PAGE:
...from inside the White House. It would be nice if we were right."
- Ben Bradlee in "All The President's Men"
I'm just talking out loud here as I try to understand this situation.
The White House is ultimately trying to duck these charges:
a.) They committed fraud in order to take the country into an unjustified and illegal war with Iraq. (They cherry-picked and fabricated intelligence that supported their case for war. They classified documents that contained intelligence that challenged or exposed that their favored intelligence was flat out wrong. They prevented Congress from seeing all relevant intelligence necessary before Congress voted to authorize the President to "use all necessary force" against Iraq.)
b.) They conducted a criminal conspiracy to discredit and undermine anyone who came forward to expose the fraud.
Enter Joe Wilson and Valerie Plame.
Lewis Libby may have only been indicted for perjury and obstruction of justice (instead of the more explosive charge of leaking the name of a CIA agent and the cover organization she worked for and exposing all of the other covert agents who worked there), but as I see it, the Plame investigation is now at a history-making crossroads. Last week's news that Bush authorized Libby to leak the NIE to reporters brings us closer by many steps to unraveling the conspiracy and holding the main players (Bush, Cheney, Rumsfeld, et al) to answer. I think we will know very shortly whether or not this will expand beyond Libby, into the Oval Office, by how effective Republicans are in preventing the following from entering into the public discourse:
The White House is claiming that:
c.) The President is empowered to declassify any information, on his own, if he deems it to be in the public interest.
d.) The information from the NIE that Libby leaked wasn't classified because as soon as the President authorized Libby to talk about it to reporters, the information (not the document) became declassified.
e.) Although the President declassified the information with the flap of his lips, it was not released publicly until 10 days after Libby had disclosed the information to a reporter. Parts of the document that had disputed, discounted and dismissed the cherry-picked leaked intelligence as factually false remained classified and were not included with the other leaked information by Libby to reporters.
This overlooks these facts:
1.) Bush ignored the procedure for declassifying documents:
The process of classifying and declassifying documents is controlled by two executive orders, one issued by President Clinton and a second by Bush that modifies the Clinton order. The orders allow certain officials in the executive branch to classify documents if disclosing them to an unauthorized person could damage national security. Typically the agency that originally classified a document is the one that must sign off on an effort to declassify it.
Representative Jane Harmon, an Iraq war-supporting, conservative democratic hawk from California said this week:
"If the disclosure is true, it's breathtaking. The President is revealed as the Leaker-in-Chief.
"Leaking classified information to the press when you want to get your side out or silence your critics is not appropriate.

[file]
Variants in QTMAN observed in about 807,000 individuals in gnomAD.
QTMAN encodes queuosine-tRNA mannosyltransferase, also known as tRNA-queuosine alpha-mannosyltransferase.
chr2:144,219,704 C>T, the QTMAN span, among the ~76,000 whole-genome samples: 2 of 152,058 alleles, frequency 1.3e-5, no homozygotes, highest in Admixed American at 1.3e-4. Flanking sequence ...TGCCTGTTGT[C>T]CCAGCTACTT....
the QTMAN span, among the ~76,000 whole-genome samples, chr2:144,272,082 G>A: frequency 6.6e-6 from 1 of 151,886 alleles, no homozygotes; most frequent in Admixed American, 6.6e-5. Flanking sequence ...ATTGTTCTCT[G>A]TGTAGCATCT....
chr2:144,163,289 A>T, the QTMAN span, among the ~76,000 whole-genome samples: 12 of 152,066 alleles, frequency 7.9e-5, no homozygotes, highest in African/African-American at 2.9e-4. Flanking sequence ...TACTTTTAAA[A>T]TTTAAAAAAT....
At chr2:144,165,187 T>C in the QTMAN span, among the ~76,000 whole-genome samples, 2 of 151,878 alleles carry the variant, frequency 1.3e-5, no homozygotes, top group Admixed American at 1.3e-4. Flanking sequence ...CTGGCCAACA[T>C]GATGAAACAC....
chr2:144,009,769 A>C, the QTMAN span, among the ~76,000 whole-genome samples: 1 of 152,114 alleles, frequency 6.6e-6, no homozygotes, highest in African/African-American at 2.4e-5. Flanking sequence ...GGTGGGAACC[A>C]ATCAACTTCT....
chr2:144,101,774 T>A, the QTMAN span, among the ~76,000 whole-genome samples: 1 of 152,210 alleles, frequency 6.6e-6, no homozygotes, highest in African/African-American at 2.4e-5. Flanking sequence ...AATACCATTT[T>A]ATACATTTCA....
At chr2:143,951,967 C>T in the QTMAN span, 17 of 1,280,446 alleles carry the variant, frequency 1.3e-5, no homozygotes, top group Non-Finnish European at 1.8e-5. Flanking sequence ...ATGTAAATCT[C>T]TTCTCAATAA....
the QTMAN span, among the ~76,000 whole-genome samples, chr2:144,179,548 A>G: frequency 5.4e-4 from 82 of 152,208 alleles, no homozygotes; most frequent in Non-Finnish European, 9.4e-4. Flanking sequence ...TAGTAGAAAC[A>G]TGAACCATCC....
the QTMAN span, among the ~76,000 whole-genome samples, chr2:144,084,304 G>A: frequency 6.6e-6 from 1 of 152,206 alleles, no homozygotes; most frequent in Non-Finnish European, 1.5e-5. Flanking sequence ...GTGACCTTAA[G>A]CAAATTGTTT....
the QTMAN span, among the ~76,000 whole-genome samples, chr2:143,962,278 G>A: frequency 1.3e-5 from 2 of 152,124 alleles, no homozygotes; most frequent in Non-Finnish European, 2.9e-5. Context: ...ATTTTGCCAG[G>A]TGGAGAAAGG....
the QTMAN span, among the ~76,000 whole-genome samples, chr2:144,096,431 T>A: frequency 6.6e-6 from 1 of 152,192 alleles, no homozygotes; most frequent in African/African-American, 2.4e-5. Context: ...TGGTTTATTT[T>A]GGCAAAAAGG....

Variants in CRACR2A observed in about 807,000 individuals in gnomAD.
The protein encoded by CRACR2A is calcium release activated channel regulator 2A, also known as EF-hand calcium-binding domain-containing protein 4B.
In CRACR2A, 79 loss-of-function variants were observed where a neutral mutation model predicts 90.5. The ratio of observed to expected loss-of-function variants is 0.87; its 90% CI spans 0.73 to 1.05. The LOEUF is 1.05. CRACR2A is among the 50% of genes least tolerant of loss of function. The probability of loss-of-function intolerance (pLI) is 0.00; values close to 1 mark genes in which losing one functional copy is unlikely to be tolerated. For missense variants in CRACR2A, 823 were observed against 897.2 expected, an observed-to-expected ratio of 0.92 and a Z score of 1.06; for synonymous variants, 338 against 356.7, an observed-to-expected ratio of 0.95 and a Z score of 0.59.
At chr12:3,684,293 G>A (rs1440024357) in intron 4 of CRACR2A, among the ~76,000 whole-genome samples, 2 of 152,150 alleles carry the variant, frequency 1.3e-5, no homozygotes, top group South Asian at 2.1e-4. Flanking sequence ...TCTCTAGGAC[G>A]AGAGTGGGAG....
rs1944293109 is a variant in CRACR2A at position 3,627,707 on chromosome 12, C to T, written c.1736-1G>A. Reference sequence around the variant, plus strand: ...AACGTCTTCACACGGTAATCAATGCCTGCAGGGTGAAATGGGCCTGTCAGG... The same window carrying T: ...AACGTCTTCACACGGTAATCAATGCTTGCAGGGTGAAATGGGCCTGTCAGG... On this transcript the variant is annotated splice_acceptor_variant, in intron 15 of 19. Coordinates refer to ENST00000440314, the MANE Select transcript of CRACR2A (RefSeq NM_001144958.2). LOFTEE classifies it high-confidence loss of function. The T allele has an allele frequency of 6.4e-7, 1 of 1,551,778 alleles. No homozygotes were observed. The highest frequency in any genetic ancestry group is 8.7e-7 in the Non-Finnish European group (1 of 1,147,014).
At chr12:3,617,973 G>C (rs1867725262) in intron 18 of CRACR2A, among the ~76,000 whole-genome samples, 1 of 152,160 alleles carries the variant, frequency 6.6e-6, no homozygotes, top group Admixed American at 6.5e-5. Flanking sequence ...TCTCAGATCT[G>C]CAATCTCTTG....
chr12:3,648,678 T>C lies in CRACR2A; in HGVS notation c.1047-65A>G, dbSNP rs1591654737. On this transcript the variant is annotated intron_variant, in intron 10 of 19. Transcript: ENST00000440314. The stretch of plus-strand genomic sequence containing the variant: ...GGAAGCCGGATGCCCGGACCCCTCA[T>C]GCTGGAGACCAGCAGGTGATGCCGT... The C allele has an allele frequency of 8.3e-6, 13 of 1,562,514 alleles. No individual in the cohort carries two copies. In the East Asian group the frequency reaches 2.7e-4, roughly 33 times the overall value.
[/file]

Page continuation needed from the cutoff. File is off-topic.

"The reason we classify things is to protect our sources - those who risk their lives to give us secrets. Who knows how many sources were burned by giving Libby this 'license to leak'?
"If I had leaked the information, I'd be in jail. Why should the President be above the law?
"The President has the legal authority to declassify information, but there are normal channels for doing so. Telling an aide to leak classified information to the New York Times is not a normal channel. A normal declassification procedure would involve going back to the originating agency, such as the CIA, and then putting out a public, declassified version of the document.
"I am stunned that the President won't tell the full the Intelligence Committee about the NSA program because he's allegedly concerned about leaks, when it turns out that he is the Leaker-in-Chief."
2.) There are two categories of classified information: That which Congress has classified and which Congress has made it a crime to reveal, and that which the President (or any of his predecessors) has classified. In the latter instance, the President can declassify what he or past Presidents have classified, but he can't declassify what Congress has classified. The identity of undercover federal agents is in the category of information that Congress has classified. No one but Congress could declassify that.
Bush has claimed that he has the right to ignore or suspend any and all law, but he's been a little fuzzy about which authority he believes gives him that right. He's invoked the inherent power of the Executive in the Constitution to provide for the security of the American people. When it's been pointed out that that would mean that the President is above the law, not co-equal with the legislative and judicial branches, Bush explains that the Constitution gives the President these superpowers during wartime. With Bush's war on terror, this could mean forever more. Further pressed, Bush has said that the power is derived from the executive order he signed that gave him the right to declassify any information he wanted. However that's not what the order says.
Any way you slice it, it's a Constitutional crisis. It unbalances the power between Congress and the Executive.
3.) Robert Novak didn't only name and identify Valerie Plame as working for the CIA - he also published the name of the bogus company (Brewster Jennings) she worked for. A company that the CIA created at least ten years earlier as the cover employer for Plame and other covert agents. Valerie Plame wasn't the only agent whose cover was blown by this leak.
Which brings us to the Plame investigation, the Libby indictment, and how to lay this at Bush's doorstep.